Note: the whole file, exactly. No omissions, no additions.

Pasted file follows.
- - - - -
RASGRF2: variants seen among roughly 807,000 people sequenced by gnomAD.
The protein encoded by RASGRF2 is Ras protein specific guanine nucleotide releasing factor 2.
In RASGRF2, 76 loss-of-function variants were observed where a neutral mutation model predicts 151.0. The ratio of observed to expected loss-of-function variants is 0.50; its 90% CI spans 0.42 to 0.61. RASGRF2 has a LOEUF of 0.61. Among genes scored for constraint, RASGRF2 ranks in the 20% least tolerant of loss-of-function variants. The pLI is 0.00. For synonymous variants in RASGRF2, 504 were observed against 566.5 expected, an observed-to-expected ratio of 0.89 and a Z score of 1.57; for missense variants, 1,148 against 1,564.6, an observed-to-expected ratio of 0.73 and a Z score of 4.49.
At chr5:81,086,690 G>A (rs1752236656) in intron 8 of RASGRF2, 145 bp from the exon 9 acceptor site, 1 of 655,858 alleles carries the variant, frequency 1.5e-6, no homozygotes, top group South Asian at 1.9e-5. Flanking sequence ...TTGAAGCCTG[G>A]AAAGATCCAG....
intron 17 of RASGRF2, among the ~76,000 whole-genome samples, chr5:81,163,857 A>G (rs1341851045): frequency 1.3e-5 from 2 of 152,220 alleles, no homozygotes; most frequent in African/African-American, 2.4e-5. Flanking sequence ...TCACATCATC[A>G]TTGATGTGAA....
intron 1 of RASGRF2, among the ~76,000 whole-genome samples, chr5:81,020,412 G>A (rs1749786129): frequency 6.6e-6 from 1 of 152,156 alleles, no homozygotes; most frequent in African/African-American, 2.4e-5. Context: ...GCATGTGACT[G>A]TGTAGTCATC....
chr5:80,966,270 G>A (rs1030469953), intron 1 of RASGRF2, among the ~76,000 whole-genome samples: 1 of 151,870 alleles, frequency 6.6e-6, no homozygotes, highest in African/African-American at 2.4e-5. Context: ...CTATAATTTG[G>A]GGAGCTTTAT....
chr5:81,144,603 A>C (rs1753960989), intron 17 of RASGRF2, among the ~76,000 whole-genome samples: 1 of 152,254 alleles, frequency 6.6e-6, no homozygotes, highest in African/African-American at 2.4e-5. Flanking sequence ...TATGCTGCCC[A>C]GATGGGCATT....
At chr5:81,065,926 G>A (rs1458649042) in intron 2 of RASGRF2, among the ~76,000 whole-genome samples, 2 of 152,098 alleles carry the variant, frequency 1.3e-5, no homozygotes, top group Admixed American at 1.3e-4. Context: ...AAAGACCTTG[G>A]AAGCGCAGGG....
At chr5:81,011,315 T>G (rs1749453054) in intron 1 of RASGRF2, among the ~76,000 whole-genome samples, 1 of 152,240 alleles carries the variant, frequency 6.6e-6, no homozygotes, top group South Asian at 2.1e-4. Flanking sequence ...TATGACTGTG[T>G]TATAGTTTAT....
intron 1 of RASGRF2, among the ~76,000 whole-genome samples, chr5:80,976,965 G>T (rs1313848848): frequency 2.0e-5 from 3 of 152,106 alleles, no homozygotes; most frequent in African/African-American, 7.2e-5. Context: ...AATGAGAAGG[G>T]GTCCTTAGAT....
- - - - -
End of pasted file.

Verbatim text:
RASGRF2: variants seen among roughly 807,000 people sequenced by gnomAD.
The protein encoded by RASGRF2 is Ras protein specific guanine nucleotide releasing factor 2.
In RASGRF2, 76 loss-of-function variants were observed where a neutral mutation model predicts 151.0. The ratio of observed to expected loss-of-function variants is 0.50; its 90% CI spans 0.42 to 0.61. RASGRF2 has a LOEUF of 0.61. Among genes scored for constraint, RASGRF2 ranks in the 20% least tolerant of loss-of-function variants. The pLI is 0.00. For synonymous variants in RASGRF2, 504 were observed against 566.5 expected, an observed-to-expected ratio of 0.89 and a Z score of 1.57; for missense variants, 1,148 against 1,564.6, an observed-to-expected ratio of 0.73 and a Z score of 4.49.
At chr5:81,086,690 G>A (rs1752236656) in intron 8 of RASGRF2, 145 bp from the exon 9 acceptor site, 1 of 655,858 alleles carries the variant, frequency 1.5e-6, no homozygotes, top group South Asian at 1.9e-5. Flanking sequence ...TTGAAGCCTG[G>A]AAAGATCCAG....
intron 17 of RASGRF2, among the ~76,000 whole-genome samples, chr5:81,163,857 A>G (rs1341851045): frequency 1.3e-5 from 2 of 152,220 alleles, no homozygotes; most frequent in African/African-American, 2.4e-5. Flanking sequence ...TCACATCATC[A>G]TTGATGTGAA....
intron 1 of RASGRF2, among the ~76,000 whole-genome samples, chr5:81,020,412 G>A (rs1749786129): frequency 6.6e-6 from 1 of 152,156 alleles, no homozygotes; most frequent in African/African-American, 2.4e-5. Context: ...GCATGTGACT[G>A]TGTAGTCATC....
chr5:80,966,270 G>A (rs1030469953), intron 1 of RASGRF2, among the ~76,000 whole-genome samples: 1 of 151,870 alleles, frequency 6.6e-6, no homozygotes, highest in African/African-American at 2.4e-5. Context: ...CTATAATTTG[G>A]GGAGCTTTAT....
chr5:81,144,603 A>C (rs1753960989), intron 17 of RASGRF2, among the ~76,000 whole-genome samples: 1 of 152,254 alleles, frequency 6.6e-6, no homozygotes, highest in African/African-American at 2.4e-5. Flanking sequence ...TATGCTGCCC[A>C]GATGGGCATT....
At chr5:81,065,926 G>A (rs1458649042) in intron 2 of RASGRF2, among the ~76,000 whole-genome samples, 2 of 152,098 alleles carry the variant, frequency 1.3e-5, no homozygotes, top group Admixed American at 1.3e-4. Context: ...AAAGACCTTG[G>A]AAGCGCAGGG....
At chr5:81,011,315 T>G (rs1749453054) in intron 1 of RASGRF2, among the ~76,000 whole-genome samples, 1 of 152,240 alleles carries the variant, frequency 6.6e-6, no homozygotes, top group South Asian at 2.1e-4. Flanking sequence ...TATGACTGTG[T>G]TATAGTTTAT....
intron 1 of RASGRF2, among the ~76,000 whole-genome samples, chr5:80,976,965 G>T (rs1313848848): frequency 2.0e-5 from 3 of 152,106 alleles, no homozygotes; most frequent in African/African-American, 7.2e-5. Context: ...AATGAGAAGG[G>T]GTCCTTAGAT....